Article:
Aaron Bryant was convicted of cow stealing. He filed his motion for new trial on the general grounds, and afterwards added certain special grounds. The court overruled his motion. On that judgment he assigns error.
(a) As to the general grounds, the record shows that the defendant was indicted along with Thomas Lee. We will not go into detail because we are not here concerned with the case against Lee. The record reveals, insofar as the evidence is concerned, that the offense was committed on March 27, 1953. The property alleged to have been stolen was a cow and a calf, the property of Frank R. Roundtree. The animals were stolen from a range in Effingham County, Georgia, and were later found in a field at the home of Doey German, in Screven County, Georgia. The earmark had been cut off the cow. The defendant, Aaron Bryant, was taken into custody, and stated to the Sheriff of Effingham County and to sergeant E. B. Deyo of the Georgia Bureau of Investigation that he hauled the cows from the home of Thomas Lee in Effingham County to the home of Doey German in Screven County, but stated further that he did not know that the cows were stolen. Pauline Lee, the wife of Thomas Lee, a cousin of Aaron Bryant, testified that Bryant a good many times hauled cows away from the house where she and her husband, Thomas Lee, lived; that the cows so hauled did not belong to her husband; that her husband went with Bryant most of the time when cows were hauled away. She testified also that every time the defendant's truck came to their house Bryant was with it; that all the cows which were hauled away that did not belong to her had the ears cut off so as to cut away the mark.
Thomas Lee testified in part for the State as follows: "All I can say about them is we just got them, we just hauled it off and put it down in another county. You know I didn't know what would happen afterwards . . . I got them . . . Aaron was with me." He testified at length about cows and how Aaron Bryant hauled them but further stated that he did not know they were stolen. On cross-examination he testified: "During this conversation I had with Mr. Roundtree and the sheriff as to whether or not I made the statement that Aaron Bryant and I were in the wholesale cattle-stealing business; that sometimes I would sell them and sometimes he would sell them, I laughed out loud, I laughed some, I remember something like that all right. I will have to say that again. I did make that statement." The evidence is abundantly sufficient to sustain the verdict against the defendant. There is no merit in the general grounds.
(b) Special ground 1 assigns error because the court permitted, over objections, a witness, Doey German, to testify as to the statement of Thomas Lee (the codefendant) that the defendant Aaron Bryant was present at the home of Doey German when the cows in question were delivered to Doey German. This assignment is without merit because the evidence was ruled out by the court before argument and before the case was submitted to the jury. This ruling reads: "Gentlemen, Doey German stated that he said Thomas Lee told him that Aaron Bryant was outside. Just erase that statement from your minds. That part of Doey German's statement where he said Thomas Lee told him Aaron Bryant was outside at the time, at his house, with this cow and yearling, just erase that from your minds." This assignment of error is without merit.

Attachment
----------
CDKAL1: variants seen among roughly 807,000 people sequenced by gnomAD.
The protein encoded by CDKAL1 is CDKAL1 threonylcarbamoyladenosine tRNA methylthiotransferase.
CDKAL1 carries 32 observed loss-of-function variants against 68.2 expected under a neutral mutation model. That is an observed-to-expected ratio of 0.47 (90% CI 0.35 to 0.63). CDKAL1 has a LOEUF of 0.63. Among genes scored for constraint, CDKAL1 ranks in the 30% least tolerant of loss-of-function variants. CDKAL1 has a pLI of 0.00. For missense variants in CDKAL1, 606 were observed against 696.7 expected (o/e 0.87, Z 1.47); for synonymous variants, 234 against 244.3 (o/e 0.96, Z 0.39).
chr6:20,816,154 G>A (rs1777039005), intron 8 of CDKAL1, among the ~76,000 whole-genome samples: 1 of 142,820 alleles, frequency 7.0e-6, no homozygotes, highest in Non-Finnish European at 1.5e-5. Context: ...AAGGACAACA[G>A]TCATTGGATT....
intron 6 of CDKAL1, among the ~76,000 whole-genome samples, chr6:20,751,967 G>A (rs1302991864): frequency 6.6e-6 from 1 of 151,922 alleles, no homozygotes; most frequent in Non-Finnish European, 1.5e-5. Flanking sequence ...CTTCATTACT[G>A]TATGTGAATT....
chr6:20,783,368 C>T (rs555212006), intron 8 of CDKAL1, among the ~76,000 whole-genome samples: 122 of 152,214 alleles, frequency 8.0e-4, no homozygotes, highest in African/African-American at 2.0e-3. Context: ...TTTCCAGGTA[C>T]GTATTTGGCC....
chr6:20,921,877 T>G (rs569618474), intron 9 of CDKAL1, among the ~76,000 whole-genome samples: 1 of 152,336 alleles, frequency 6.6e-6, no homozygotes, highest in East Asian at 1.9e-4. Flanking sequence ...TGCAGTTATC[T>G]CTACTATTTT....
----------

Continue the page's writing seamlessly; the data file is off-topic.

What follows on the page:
(c) Special ground 2, to the effect that the trial court in charging that a conspiracy could be proven by circumstantial evidence, failed to charge that the proof must be to the exclusion of every other reasonable hypothesis save that claimed, in view of the whole charge of the court, is without merit.
(d) Special ground 3 complains because the court failed to charge the jury on the law of admissions and confessions. There was no confession. We do not see how it could have harmed the defendant for the court not to have charged on criminal admissions. Moreover, we think this ground is incomplete within itself.
(e) Special ground 4 complains of the following excerpt from the charge: "Now, after considering all the facts and circumstances of this case together with the defendant's statement you should reach the conclusion that the defendant is not guilty, that he knew nothing about this property being stolen, or have a reasonable doubt resting upon your minds as to his guilt, it will be equally your duty to give him the benefit of that doubt and acquit him." When we view the charge as a whole, this excerpt is without error. The court fully charged as to possession of stolen property and as to other phases. We are not in a position to say, even from the excerpt, that the court erred as contended, because a proper construction of the excerpt is that, if under all the facts of the case the defendant had knowledge that the cow was stolen, he would be guilty of cow stealing, in view of his activity in the transaction as revealed by the record. This ground is without merit.
The court did not err in overruling the motion for a new trial.
Walton Usher, Solicitor-General, contra.